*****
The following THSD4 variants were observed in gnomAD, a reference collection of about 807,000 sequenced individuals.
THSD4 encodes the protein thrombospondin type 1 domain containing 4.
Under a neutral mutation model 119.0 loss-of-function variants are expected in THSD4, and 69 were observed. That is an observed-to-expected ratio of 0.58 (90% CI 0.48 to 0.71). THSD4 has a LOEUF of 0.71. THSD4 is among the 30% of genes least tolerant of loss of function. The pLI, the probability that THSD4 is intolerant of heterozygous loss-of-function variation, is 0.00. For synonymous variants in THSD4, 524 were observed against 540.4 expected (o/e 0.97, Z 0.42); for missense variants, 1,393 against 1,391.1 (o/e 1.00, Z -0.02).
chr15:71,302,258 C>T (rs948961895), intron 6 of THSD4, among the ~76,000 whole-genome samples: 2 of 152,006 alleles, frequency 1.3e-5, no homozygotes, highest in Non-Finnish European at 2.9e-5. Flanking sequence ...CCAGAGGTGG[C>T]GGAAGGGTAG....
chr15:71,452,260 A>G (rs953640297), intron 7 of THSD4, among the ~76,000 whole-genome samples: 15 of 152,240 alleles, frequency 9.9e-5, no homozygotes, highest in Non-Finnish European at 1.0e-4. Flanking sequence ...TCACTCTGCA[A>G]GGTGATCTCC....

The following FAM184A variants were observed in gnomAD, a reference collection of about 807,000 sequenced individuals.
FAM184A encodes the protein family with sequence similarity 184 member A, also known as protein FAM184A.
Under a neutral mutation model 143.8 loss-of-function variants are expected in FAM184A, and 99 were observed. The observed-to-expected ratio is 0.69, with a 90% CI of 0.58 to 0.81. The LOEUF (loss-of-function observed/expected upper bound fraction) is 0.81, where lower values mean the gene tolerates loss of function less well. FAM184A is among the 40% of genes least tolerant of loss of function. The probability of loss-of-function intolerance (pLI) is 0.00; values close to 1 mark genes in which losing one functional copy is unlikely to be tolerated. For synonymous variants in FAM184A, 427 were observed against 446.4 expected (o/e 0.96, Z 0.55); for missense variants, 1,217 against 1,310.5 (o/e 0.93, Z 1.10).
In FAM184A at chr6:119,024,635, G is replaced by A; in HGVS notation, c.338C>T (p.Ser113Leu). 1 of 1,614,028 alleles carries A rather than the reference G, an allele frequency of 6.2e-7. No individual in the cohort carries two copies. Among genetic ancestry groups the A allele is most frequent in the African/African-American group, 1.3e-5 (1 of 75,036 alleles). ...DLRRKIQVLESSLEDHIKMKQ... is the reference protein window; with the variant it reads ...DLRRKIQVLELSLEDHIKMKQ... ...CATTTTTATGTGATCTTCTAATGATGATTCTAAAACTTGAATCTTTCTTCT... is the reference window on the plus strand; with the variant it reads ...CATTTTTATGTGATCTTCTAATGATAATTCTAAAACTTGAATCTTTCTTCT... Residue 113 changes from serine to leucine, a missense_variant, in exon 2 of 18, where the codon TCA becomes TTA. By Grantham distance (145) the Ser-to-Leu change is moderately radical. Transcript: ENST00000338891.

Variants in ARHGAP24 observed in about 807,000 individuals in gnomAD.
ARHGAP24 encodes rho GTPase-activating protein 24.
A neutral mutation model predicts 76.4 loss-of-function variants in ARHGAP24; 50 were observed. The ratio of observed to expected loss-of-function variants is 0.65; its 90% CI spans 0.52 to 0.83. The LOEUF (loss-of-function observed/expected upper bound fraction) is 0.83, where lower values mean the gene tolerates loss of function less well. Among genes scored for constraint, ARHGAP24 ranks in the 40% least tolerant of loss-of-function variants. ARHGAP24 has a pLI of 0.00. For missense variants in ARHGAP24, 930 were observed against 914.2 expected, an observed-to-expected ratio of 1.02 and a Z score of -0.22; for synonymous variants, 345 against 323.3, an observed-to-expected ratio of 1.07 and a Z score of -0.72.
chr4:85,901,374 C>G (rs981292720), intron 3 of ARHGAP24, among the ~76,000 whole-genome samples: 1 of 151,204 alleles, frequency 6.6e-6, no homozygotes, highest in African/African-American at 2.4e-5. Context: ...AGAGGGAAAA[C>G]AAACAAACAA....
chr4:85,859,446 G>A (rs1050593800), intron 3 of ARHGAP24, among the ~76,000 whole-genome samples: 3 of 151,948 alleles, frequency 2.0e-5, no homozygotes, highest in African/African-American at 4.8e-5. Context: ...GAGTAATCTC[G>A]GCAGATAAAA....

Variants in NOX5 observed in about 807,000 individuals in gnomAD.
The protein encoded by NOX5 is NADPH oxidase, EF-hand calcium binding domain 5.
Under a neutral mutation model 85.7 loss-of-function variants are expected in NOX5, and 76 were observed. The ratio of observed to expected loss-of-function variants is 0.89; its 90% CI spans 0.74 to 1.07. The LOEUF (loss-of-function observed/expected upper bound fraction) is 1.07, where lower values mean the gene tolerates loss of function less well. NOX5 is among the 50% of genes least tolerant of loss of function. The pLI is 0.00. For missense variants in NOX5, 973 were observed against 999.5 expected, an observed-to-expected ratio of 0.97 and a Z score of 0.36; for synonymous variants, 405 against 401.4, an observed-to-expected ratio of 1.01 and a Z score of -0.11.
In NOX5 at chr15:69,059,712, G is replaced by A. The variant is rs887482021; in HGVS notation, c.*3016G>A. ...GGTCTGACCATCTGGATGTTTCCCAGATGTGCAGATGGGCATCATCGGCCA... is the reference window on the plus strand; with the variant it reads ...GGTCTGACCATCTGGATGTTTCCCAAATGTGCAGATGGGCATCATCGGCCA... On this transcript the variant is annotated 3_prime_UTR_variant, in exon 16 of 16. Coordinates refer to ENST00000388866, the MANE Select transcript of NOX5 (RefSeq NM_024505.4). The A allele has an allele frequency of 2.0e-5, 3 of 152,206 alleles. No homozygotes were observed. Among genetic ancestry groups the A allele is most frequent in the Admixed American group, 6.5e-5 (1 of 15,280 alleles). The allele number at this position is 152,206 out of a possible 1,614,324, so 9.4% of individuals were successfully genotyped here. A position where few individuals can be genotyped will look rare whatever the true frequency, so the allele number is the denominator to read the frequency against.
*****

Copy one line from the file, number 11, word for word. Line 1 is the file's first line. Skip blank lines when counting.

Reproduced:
ARHGAP24 encodes rho GTPase-activating protein 24.